The Philosophy of Human life in Sylvia Plath's poetryI want to know some thing about Plath's poetry: If you can mention the philosophy of human life in Sylvia Plath's poetry then plz post here in...
I want to know some thing about Plath's poetry:
If you can mention the philosophy of human life in Sylvia Plath's poetry then plz post here in detail. and I am very thankful to you if you send me in message too.thanks abundant
Plath's poetry covers a number of different topics, and it is really important to realise that not all of her works fit one approach to life. However, we could argue that there are some definite themes and approaches towards life that come through. These are rather pessimistic, as #3 points out. They normally feature the pain and suffering of personas who are generally female as they struggle to exist in a world with various barriers and restrictions on them. Consider "Miss Drake Proceeds to Supper" for example, which explores one woman struggling with insanity as she carries out a normal action.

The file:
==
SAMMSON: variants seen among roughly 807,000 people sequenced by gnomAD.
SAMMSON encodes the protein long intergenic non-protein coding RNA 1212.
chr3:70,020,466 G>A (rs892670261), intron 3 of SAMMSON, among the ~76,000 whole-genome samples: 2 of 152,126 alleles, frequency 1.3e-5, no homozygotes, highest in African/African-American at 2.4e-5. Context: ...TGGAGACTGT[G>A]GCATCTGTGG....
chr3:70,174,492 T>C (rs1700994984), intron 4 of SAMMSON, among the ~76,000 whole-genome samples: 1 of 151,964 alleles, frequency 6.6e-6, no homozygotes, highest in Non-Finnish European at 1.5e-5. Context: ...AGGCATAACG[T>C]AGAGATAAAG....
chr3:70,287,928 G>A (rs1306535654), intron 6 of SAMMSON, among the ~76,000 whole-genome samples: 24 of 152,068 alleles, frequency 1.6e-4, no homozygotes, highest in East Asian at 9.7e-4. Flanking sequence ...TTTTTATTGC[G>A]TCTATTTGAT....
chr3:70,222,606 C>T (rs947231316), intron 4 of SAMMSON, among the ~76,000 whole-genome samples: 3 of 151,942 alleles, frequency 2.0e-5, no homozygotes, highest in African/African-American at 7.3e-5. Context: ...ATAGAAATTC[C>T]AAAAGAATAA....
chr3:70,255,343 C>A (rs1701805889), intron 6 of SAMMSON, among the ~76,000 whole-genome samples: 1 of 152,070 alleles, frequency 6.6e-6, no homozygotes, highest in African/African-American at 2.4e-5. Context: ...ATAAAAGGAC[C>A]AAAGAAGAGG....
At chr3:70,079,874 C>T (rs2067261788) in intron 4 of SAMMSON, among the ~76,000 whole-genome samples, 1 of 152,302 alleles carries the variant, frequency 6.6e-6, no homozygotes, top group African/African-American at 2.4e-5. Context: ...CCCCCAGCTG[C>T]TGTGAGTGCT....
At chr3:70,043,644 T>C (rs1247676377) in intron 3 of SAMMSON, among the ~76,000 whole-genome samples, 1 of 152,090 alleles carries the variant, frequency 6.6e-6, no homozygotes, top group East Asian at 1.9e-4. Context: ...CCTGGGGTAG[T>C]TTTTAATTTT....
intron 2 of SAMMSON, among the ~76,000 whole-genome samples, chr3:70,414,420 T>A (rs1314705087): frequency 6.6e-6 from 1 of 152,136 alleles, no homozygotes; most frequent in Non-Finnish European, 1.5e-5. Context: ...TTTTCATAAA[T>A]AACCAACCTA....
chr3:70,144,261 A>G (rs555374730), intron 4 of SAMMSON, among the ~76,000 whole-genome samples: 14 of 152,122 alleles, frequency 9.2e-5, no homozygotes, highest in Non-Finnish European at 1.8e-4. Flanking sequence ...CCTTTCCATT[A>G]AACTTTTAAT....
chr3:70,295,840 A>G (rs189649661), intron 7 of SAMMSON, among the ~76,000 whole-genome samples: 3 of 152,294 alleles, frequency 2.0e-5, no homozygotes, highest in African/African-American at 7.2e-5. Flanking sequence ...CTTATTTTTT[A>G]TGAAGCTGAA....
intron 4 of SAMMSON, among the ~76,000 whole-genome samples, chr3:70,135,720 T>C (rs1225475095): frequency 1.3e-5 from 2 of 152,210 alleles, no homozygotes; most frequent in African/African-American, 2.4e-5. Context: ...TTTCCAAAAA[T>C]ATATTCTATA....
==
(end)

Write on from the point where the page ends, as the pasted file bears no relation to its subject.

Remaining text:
It's very difficult to generalize about such things, but from the reading of Plath that I have done, I would say that her philosophy of life is rather grim and pessimistic, at least in some of her more famous works, such as "Daddy" (http://www.internal.org/Sylvia_Plath/Daddy). The fact that Plath committed suicide would also suggest that fundamentally her view of life was not exactly optimistic or cheerful.
Plath was a Confessionalist poet. Therefore, her work was one which spoke to how her life was and the conflicts she faced. Her work is typically seen as dark and depressing. Her philosophy was simply not to feel as if one had to hide anything.